The core processing for the hypothesis testing is performed in the real, not complex; signal domain, since the calculations are based on averaged perfinger energy and do not include phase dependencies. Instead, statistical models of energy distributions are used. Those skilled in the art will appreciate that ignoring complex phase dependencies between subpaths allows for substantial reductions in computational complexity.
 The instantaneous perslot net (measured) channel coefficients ĥ are heavily affected by gain and phase differences between the two subpaths. In some cases, two close subpaths could completely cancel each other out if their corresponding gains were similar and phases were opposite. Therefore, the combined (twopath) response for a given slot may not resemble individual singlepath component responses at all. This is due to pulse shapes of both close paths overlapping and interfering with each other, as well as to the fact that effective (long term averaged) signal amplitude cannot be calculated as simple addition.
 To illustrate this, a nearly static case in which both paths have identical gain strength and identical timing offsets may be considered. Given that the relative phases between the two paths change constantly in every slot, over a long term such as hundreds of slots, the two subpaths in the considered twopath profile add together at various random phases. In some slots the resulting composite response will be an effective pulse shape that is twice as strong as a single pulse, i.e., when the phases for the two received paths are identical. In other slots the response will be null, i.e., when the phases are opposite and the paths have cancelled themselves out.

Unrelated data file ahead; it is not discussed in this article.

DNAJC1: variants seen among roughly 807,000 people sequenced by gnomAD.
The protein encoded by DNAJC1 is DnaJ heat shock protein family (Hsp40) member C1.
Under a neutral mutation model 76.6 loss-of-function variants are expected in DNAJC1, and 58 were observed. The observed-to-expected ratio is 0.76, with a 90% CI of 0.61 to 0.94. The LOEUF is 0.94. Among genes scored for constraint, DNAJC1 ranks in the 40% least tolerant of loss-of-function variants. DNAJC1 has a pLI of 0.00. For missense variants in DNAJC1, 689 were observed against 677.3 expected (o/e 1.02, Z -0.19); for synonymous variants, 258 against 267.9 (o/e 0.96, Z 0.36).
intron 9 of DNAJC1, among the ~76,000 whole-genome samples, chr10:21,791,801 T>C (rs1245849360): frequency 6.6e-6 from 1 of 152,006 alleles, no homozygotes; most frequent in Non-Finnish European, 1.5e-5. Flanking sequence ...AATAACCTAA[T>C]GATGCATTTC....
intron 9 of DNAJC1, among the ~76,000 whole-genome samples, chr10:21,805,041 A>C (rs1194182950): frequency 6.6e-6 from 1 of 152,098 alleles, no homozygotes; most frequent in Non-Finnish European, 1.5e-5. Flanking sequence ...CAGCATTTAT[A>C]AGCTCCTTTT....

The techniques discussed herein consider the effective, average, longterm magnitude of the channel response measured at each finger, assuming random phases for the two modeled signal paths. In the example discussed above, in which the channel gains for the two paths are identical, and the delays for the two paths are the same, then the effective long term average effective magnitude will be □1.27*g_{1}, where g_{1 }is the gain of each individual path. (Those skilled in the art will appreciate that this result is obtained by simply integrating the pulses combined over all possible phases; see Equation (5) below.)
 The same general approach applies to the scenario in which the timing offset (relative to a given finger) is slightly different for each of the two paths that combine to form a single peak reported by the path searcher. In that case, each finger will receive different energy from each channel path depending on that path's distance from the finger, according to a pulseshape subpath model. However, it is still possible to calculate the average effective magnitude for a given pair of timing offsets, if the ratio of energy contributed from the two subpaths is known.
 When the two paths contribute unequal energies, the effective magnitude must clearly be less than about 1.27*g_{s}, where g_{s }is the gain of the stronger path. The exact value depends on the ratio of the gains for the two subpaths, and can be calculated analytically or simulated. An approximate function is presented in Equation (5), where the average channel coefficient magnitude of the two paths superimposing at finger n is given by: